Simple instructions for doing a simple bike repair when you are on the road and don't have your tools. This vide shows how to take the tire off your bike rim without using tire levers. Our host demonstrates on a completely flat tire, and shows us how to leverage off the beads of the tire using only brute strength - the leverage of your hands. He then demonstrates how to put the tire back on. The final small section of bead is pushed on using his body strength. This technique is less likely to...

How To: Change a tire on a Dutch bike

This video shows you how to change a bicycle tire with your bare hands. First, he shows you how to get the tire out. Use the valve cap to let all the air out of the tire tube and then loosen the bead all the way around. Eventually you can just pop the tube off then inspect and patch it. Then you put the tire back on and pump some air into it. Make sure the tire looks like it's seating properly. That is how you change a bicycle tire.

How To: Spruce Up Your Bicycle with This Wooden DIY Riser Handlebar

Looking for a way to make your bike stand out? You could light it up with LED rim lights or turn signals. Or if you're looking for something a little less flashy, you could make your own set of custom wooden handlebars like these by furniture designer David Moore. To actually make these wooden handlebars, you will need some woodworking tools, not to mention some actual woodworking skill, or at least the tools and some knowledge on bending and forming wood. In his video below, David shows exac...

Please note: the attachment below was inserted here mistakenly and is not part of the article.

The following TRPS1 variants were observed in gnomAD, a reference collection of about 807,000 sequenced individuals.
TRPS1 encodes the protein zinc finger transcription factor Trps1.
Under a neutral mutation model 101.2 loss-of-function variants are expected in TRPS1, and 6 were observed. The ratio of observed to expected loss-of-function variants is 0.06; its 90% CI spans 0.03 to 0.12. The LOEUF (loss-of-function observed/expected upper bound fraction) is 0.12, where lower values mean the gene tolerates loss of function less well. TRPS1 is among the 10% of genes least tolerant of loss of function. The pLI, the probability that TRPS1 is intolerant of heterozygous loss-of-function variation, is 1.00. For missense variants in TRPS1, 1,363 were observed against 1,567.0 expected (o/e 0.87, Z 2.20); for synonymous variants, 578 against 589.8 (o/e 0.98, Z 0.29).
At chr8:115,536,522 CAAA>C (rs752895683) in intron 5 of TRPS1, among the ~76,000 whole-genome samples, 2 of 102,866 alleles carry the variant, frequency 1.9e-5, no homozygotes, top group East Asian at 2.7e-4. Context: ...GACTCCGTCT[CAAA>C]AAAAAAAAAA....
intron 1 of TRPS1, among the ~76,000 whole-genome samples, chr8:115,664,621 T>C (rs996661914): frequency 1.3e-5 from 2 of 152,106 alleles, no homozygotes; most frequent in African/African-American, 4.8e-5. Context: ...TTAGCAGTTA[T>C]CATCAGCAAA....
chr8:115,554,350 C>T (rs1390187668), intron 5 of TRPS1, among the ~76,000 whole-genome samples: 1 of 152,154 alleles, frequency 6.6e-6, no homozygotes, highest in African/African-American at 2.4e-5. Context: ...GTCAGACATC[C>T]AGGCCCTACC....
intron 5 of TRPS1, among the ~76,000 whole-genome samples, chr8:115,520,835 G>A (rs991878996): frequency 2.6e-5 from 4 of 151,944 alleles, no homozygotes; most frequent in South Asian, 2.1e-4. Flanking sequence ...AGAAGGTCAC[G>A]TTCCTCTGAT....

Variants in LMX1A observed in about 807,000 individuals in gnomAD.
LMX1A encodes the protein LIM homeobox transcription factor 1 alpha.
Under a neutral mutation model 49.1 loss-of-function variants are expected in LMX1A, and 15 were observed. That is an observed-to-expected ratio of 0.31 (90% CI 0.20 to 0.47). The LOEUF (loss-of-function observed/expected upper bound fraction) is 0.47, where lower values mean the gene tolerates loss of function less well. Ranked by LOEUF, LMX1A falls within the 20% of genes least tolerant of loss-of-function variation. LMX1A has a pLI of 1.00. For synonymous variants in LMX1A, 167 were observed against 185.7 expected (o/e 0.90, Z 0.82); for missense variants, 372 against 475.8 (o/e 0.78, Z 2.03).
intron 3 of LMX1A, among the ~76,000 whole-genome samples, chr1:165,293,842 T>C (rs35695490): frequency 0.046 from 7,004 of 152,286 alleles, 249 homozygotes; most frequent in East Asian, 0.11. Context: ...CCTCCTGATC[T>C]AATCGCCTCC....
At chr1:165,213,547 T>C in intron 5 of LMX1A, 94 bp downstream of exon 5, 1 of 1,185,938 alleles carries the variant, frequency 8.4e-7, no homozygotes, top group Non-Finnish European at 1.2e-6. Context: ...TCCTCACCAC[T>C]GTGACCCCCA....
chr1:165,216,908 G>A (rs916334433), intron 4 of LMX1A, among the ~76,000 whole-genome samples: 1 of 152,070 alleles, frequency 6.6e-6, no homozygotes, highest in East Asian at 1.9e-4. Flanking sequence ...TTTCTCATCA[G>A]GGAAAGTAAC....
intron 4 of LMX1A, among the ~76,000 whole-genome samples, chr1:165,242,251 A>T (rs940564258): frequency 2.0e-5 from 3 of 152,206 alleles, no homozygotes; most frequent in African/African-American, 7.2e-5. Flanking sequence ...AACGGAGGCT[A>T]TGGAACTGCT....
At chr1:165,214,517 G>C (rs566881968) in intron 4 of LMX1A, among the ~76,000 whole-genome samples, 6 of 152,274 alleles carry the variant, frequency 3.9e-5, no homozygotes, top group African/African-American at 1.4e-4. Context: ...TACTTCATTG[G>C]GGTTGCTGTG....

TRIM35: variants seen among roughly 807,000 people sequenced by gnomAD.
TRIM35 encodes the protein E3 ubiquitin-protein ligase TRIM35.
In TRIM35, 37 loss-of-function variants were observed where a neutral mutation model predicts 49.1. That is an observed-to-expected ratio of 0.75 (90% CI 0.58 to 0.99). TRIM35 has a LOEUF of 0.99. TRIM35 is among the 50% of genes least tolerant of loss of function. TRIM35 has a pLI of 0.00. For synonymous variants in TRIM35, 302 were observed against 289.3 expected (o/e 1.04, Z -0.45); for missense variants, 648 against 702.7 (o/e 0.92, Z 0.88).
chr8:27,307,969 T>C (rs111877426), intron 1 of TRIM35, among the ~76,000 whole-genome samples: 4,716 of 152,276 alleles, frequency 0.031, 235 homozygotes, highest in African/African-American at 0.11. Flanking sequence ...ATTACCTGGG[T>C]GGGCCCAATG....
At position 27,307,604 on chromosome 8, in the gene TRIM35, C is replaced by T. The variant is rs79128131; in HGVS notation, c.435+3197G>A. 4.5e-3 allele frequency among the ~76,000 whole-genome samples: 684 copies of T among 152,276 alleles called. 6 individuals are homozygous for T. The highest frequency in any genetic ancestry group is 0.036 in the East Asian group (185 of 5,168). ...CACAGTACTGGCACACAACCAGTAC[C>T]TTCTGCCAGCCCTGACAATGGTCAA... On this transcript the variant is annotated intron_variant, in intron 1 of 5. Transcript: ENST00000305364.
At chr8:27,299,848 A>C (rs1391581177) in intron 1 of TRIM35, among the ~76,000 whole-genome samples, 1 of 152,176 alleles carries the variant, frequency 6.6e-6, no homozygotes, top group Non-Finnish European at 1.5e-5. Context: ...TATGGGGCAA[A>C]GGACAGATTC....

How To: Reset a Mavic Wintech

This video tutorial is in the Sports category which will show you how to reset a Mavic Wintech. After you have installed the battery and you notice you have a blank screen, use the reset button inside the computer to reset it. This is not mentioned in the Mavic Wintech operating manual. For this, remove the battery and you will see a little compartment with a little silver button. It looks like a starter, but that is the reset button. Press the button with a sharp object and place the battery...

How To: Cut spokes to build a bike wheel

Assemble tools and materials. You'll need a rim, a hub, and the proper length spokes and spoke nipples. You'll need a wheel truing stand, a spoke wrench, a flat screwdriver, and medium weight oil. A spoke tensiometer, a dishing tool and a nipple driver are optional. Place the rim in your lap with the valve stem hole directly across from you. Hold the hub in the middle of the rim with it axle vertical. These instructions assume you are building a front wheel 3x. Drop one spoke though every oth...

News: Who Needs Spokes? I'd Take a Hubless Bicycle

The Gumby bike. The invisible steering bike. The spokeless bike. All kinda bizarre. All kinda awesome. Designed by Luke Douglas as an entry for the James Dyson Awards, the Lunartic Cycle boasts a toothed belt drive and hubless rear wheel. I want one. Previously, The Invisible-Steering Bicycle.

How To: Make your bike sound like a motorcycle